: Seriously, I'm interested in hearing about methods of cold- : processing coffee without shelling out 40 bux for one of : those toddy thingies they sell at the foofy coffee places. : I'm sure it can be done, but I don't have the pounds of : coffee needed to find the method by trial and error.
WHAT??? $40 for a device to cold-process!!!
Do you happen to have a glass jar laying around anywhere? If not, save one from your next jar of mayonaise, pickles, or whatever. Put in a cup or so of coffee grounds and fill with water. (I strongly recommend distilled or filtered water for taste, not that sludge that comes out of your cold water tap.) Let stand overnight--8 hours, 24 hours, or whatever. Filter. That's it. You have cold-filtered concentrate. Dilute with water to your taste and heat in microwave.
After filtering the first round I pour at least three more jars of water through the coffee grounds--until it comes through relatively clear. The second jar poured through will be about as dark as the first. Just keep rinsing the grounds until you get most of the coffee essence out.
How to filter? I use an old Mr. Coffee filter basket with regular coffee filters. I happen to have a round plastic pitcher that the filter basket will partially fit down into, but you could improvise. Anything that will support the filter basket while you are straining the water through the grounds. Also, I imagine that a big funnel would hold the filter paper, folded like we did it in Chemistry 101, but I haven't tried that. The funnel could be stuck down in a jar to do the pourthrough.
I keep my concentrate in the refrigerator, although it really doesn't seem necesssary to refrigerate it. I have kept it for as long as a week and it was still as good as the day it was made. It is the acids and oils that make coffee taste bad after it sits for a while, and cold processing does not extract acids and oils. Also, the source that gave me this method said that a lot of people who think they can't drink coffee because of the caffine will find that they can drink it using this method. That's not to say that if caffine happens to keep you awake you can drink cold- processed coffee at midnight and go right to sleep. But if coffee has upset your stomach, you may well find you can drink it with impunity when made by this method.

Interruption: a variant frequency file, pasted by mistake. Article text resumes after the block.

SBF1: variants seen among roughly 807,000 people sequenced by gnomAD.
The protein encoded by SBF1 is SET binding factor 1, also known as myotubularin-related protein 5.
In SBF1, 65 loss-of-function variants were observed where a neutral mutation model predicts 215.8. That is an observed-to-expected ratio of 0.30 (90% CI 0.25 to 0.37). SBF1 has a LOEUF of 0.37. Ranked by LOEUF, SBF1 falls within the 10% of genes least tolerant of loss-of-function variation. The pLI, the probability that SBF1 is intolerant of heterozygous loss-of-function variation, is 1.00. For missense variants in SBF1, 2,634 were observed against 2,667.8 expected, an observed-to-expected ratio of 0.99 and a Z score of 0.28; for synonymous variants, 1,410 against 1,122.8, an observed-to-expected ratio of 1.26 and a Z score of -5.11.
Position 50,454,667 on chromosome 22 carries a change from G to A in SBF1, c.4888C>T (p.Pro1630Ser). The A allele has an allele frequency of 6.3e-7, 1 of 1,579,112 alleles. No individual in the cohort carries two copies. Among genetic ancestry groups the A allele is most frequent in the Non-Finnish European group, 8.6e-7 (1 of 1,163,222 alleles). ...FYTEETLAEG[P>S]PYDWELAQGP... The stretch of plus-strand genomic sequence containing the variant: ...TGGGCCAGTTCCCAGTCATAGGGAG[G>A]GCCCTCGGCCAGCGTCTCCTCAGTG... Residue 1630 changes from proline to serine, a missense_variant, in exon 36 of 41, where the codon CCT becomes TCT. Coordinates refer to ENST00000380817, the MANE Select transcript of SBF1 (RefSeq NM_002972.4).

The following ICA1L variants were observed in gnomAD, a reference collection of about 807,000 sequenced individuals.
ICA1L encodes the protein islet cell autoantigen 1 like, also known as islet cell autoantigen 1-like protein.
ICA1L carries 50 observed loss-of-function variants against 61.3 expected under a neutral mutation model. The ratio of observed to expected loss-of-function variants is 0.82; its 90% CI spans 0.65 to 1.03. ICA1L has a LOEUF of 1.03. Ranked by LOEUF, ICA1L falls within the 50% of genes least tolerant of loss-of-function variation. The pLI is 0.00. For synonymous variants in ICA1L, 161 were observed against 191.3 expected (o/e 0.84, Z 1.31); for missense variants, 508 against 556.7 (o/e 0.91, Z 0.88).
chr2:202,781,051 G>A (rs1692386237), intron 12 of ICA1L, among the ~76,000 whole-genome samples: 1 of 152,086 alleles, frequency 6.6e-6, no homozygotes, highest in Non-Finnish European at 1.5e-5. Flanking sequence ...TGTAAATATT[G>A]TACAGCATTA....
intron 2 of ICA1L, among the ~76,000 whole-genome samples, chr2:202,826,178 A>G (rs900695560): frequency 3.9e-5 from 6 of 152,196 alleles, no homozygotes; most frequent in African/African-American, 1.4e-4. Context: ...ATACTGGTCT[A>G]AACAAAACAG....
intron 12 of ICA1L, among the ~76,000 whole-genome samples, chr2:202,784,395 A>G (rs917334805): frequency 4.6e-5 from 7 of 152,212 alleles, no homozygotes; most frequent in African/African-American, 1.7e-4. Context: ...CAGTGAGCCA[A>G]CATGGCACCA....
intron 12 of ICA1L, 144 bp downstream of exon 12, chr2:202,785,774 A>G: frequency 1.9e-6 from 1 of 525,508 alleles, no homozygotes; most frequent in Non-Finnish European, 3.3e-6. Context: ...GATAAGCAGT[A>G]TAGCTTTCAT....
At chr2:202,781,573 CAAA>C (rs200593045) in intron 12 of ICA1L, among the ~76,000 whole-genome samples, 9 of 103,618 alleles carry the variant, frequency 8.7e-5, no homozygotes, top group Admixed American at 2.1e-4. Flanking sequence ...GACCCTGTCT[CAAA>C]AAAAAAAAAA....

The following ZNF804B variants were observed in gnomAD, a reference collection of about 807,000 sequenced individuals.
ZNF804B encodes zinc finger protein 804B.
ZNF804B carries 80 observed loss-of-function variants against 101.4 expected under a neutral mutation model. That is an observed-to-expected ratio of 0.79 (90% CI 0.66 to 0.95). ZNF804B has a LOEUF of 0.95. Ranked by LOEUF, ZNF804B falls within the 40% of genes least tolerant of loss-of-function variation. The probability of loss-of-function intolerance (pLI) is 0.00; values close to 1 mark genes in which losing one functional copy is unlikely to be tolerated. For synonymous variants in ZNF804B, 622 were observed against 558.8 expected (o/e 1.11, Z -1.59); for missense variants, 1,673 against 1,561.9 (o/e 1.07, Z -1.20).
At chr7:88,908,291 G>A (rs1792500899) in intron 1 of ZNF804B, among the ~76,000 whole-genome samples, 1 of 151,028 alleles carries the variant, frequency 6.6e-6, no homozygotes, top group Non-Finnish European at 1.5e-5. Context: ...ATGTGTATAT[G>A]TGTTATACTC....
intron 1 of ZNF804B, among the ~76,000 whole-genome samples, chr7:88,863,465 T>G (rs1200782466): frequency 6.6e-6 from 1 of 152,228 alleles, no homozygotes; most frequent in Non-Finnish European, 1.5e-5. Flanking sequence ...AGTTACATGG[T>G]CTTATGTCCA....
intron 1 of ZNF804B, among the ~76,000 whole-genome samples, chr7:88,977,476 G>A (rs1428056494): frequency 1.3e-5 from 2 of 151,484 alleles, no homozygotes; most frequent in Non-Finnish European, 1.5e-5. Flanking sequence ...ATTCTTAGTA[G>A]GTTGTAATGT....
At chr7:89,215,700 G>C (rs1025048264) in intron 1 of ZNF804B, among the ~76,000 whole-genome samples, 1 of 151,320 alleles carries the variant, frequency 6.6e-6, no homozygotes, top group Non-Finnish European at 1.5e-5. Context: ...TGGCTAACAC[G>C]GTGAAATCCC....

I never throw away any old coffee. Often I take a cup to bed with me and then fall asleep before I drink it. The next morning I just reheat that same coffee in the microwave for my breakfast coffee. Try that with perked or dripped coffee and it will be undrinkable. I will say, though, that the only coffee I have used this method with has been Luzianne coffee/chicory blend, so I can't testify that you will get the same results with straight coffee. I can testify that you don't need to have a special $40 gadget to do cold-processing.
Using this method has greatly simplified my life because I drink coffee all day long. If a cup happens to get cold before I finish it, I just go reheat in the microwave. And by the way, it may not seem very frugal, but heating coffee and tea is almost the *only* thing I use my microwave for.
On Fri, 15 Dec 1995, Meg Worley wrote: > Thanks for posting this info! I will try it tomorrow morning > (and may never go back). One question though: You talked > about rinsing the grounds... Do you mean that you do a second > batch with the same coffeegrounds, or that you do the diluting > as you filter -- filter concentrate, then pour through appropriate > amount of clear water until satisfaction has been attained?
After you have soaked the coffee grounds you will have a quart or so of coffee slush which you will filter. A coffee-filter basket will not hold all of that at once, so you will fill up the basket, wait for that to go through, pour some more and wait for it to drain, pour some more, etc.
After the original batch has gone through fill up the jar you have soaked the coffee grounds in in with water and pour that jarfull through the grounds in your filter basket. Keep doing that until the filtrate is relataively clear.
You will then have a concentrate which you can dilute to taste all at once, or you can use perhaps 1/4 cup or less of that concentrate per cup of coffee to dilute in the cup as you make it. I don't dilute my concencrate ahead of time as a rule in order to save storage space. I usually end up with about 2 1/2 quarts of concentrate which I dilute with about three times as much water as concentrate. I am using Lusianne coffee, however, which is twice as strong as regular coffee, so it is likely that most people would not dilute regular-coffee concentrate more than two to one, or mayber even equal parts con- centrate and water. Just experiment to get the strength you like.
Let us know what you think.
1 lb coffee with chicory
Line a colander with cheesecloth. Grind the coffee beans and put them into the colander. Put the colander inside a glass bowl. Do not use metal. Pour cold water very slowly over the grinds. Stop when the bowl is almost full. Cover and leave for a day. Remove the colander from the bowl. Let the colander drain out completely. Press out excess water with the back of a spoon but do not press coffee grounds through. Funnel the coffee syrup into glass jars and cap.
Store for up to 2 weeks in the refrigerator. To make a smooth cup of coffee, pour 2 ounces of the extract into a cup. Fill the cup with simmering water. Use sugar and cream or milk to taste.